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What Does Triple Net and Gross Mean? Part I

05 Mar

One of the most popular questions I receive pertains to the difference between “triple net” and Gross lease rates. Most retail and industrial spaces are leased on a “triple net basis.”    This basically means that the tenant is responsible for payment of real estate taxes and operating expenses. The Landlord essentially gets all of the rent proceeds. Triple net can essentially be broken down into 3 components:  real estate taxes, operating expenses and utilities.   The real estate tax bill associated with a property can be billed by the municipality directly to the tenant or the Landlord will bill the tenant as the property tax bills are issued on a quarterly basis.   The former arrangement would be more common in a single tenancy building since the cost for taxes are not shared.   Continue Reading

How to Buy Commercial Real Estate

23 Jan

I have helped many entrepreneurs with buying properties to accommodate the space needs for their businesses. The purchase of a commercial property may be the most significant asset the business owner obtains so it is important to understand the value and potential that this asset represents. This is a complex process that requires a number of steps.

First, one must identify their own space requirements. The business owner may need assistance with this initial space programming process and account for future expansion and space requirements. Then the search begins to identify and tour alternative properties. Most often, solutions for the ideal property solution is not readily available. The business owner will need to rely on the resources of his or her broker to fully investigate alternative properties and identify opportunities as they arise. It is also helpful for the business owner to talk to his or her lender to understand financing alternatives and qualify the ability to obtain financing to acquire property and relocate the business. Continue Reading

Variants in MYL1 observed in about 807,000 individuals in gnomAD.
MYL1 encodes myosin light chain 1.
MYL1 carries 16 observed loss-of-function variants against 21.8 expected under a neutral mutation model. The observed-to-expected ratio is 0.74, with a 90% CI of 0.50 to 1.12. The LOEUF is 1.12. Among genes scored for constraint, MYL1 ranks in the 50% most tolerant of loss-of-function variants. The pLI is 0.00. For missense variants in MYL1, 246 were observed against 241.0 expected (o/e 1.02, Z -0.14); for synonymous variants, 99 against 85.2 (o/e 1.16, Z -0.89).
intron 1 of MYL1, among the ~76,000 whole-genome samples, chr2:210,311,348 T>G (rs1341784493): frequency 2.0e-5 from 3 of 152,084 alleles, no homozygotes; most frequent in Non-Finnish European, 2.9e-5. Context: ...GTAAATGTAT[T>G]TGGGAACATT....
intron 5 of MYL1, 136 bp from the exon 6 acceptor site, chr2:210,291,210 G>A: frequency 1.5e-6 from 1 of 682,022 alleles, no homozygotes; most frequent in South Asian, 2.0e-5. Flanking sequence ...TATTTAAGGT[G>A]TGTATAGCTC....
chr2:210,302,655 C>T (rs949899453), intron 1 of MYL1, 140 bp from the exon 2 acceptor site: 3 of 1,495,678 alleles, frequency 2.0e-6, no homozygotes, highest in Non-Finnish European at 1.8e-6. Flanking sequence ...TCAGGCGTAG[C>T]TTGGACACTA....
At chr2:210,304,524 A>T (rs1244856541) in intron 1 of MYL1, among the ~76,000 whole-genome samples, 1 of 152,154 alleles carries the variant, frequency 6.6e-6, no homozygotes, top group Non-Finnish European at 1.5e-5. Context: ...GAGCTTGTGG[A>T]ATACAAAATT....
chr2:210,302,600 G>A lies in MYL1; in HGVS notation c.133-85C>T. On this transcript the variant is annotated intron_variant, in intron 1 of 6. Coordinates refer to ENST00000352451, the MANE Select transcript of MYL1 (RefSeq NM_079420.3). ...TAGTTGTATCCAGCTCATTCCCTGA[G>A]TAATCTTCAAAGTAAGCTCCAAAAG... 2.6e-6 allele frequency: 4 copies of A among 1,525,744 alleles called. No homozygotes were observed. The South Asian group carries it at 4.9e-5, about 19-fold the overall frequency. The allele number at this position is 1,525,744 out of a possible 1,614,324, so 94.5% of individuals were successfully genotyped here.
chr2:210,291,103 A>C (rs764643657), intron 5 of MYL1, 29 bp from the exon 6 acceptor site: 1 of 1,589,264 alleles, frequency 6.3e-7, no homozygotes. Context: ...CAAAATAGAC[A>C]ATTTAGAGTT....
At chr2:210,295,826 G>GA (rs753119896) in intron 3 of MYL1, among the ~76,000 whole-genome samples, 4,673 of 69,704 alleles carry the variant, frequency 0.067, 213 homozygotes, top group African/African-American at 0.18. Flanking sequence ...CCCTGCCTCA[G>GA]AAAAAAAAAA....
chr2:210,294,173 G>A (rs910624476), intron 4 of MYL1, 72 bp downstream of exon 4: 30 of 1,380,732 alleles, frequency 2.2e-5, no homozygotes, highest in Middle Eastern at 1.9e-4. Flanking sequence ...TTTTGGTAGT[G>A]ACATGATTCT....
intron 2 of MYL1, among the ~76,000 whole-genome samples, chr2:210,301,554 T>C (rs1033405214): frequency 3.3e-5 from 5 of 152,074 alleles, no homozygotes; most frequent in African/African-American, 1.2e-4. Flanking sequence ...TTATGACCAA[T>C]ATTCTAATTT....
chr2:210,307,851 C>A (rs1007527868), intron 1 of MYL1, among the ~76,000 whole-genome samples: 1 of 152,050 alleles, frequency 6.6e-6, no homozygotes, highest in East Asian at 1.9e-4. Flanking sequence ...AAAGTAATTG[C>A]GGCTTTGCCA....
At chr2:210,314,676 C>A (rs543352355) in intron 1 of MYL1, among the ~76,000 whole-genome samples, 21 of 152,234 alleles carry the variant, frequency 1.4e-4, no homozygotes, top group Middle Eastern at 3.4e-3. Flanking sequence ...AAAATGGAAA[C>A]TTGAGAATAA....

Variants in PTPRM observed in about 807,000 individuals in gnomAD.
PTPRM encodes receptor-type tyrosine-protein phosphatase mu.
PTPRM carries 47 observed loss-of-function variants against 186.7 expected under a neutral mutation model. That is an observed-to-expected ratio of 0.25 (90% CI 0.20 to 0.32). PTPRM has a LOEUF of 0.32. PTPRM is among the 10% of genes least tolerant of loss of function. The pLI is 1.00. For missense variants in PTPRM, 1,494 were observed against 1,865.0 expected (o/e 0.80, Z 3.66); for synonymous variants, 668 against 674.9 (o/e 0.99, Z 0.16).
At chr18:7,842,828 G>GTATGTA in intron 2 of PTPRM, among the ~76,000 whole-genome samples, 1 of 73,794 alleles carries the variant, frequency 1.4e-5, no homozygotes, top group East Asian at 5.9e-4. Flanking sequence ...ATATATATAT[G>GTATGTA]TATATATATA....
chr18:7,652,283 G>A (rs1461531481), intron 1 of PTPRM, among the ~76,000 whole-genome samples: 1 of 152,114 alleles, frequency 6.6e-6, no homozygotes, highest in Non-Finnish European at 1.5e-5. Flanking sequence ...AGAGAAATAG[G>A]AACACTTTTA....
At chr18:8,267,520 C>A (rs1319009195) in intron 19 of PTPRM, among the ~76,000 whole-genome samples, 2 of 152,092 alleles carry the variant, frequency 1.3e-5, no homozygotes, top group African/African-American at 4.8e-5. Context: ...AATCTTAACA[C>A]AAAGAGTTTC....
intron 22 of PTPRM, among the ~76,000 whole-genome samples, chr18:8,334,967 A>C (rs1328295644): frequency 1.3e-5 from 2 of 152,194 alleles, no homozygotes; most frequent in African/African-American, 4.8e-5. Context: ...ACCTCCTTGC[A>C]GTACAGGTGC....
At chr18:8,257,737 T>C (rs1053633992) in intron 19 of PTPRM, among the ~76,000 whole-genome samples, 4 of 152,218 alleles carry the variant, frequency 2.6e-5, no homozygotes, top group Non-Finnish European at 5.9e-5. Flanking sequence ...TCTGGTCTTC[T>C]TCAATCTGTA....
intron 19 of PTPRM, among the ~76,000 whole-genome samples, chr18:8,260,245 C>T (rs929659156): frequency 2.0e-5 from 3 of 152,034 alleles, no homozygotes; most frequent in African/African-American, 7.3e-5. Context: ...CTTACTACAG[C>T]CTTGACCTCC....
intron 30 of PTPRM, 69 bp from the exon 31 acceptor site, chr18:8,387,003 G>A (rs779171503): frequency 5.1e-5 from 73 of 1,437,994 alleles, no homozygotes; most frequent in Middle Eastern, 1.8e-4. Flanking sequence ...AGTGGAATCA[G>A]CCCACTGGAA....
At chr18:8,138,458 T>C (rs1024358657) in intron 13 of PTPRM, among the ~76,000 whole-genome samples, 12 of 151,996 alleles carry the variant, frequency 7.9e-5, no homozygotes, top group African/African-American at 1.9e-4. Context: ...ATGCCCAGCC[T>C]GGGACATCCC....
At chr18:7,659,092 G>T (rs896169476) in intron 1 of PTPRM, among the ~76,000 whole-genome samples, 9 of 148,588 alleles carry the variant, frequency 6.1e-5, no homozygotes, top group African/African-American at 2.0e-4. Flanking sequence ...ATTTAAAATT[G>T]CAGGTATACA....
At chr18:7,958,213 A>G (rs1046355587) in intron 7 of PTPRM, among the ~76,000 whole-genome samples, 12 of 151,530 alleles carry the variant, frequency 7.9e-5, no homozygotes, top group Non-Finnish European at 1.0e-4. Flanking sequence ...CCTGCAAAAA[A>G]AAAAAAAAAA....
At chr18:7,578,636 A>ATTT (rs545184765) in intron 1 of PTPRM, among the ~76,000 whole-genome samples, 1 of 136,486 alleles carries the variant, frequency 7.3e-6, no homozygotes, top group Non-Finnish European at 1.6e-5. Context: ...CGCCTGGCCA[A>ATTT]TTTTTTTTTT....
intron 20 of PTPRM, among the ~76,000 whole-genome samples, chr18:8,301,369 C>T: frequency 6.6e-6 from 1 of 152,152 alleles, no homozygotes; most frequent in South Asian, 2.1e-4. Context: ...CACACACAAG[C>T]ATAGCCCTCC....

Reflections on Current Market

13 Nov

As a seasoned professional in the commercial real estate industry, I am often asked about current market conditions and what I foresee for the future. After many years of practice in this industry, I can say unequivocally that the commercial real estate industry is directly tied to the state of the economy. In recessionary times, vacancies will rise and lease rates will fall as unemployment increases and demand for space falls. During times of economic growth, the converse is true. At the end of a weak quarter of production, invariably the GDP and other economic barometers will confirm that the economy had experienced weakness. Continue Reading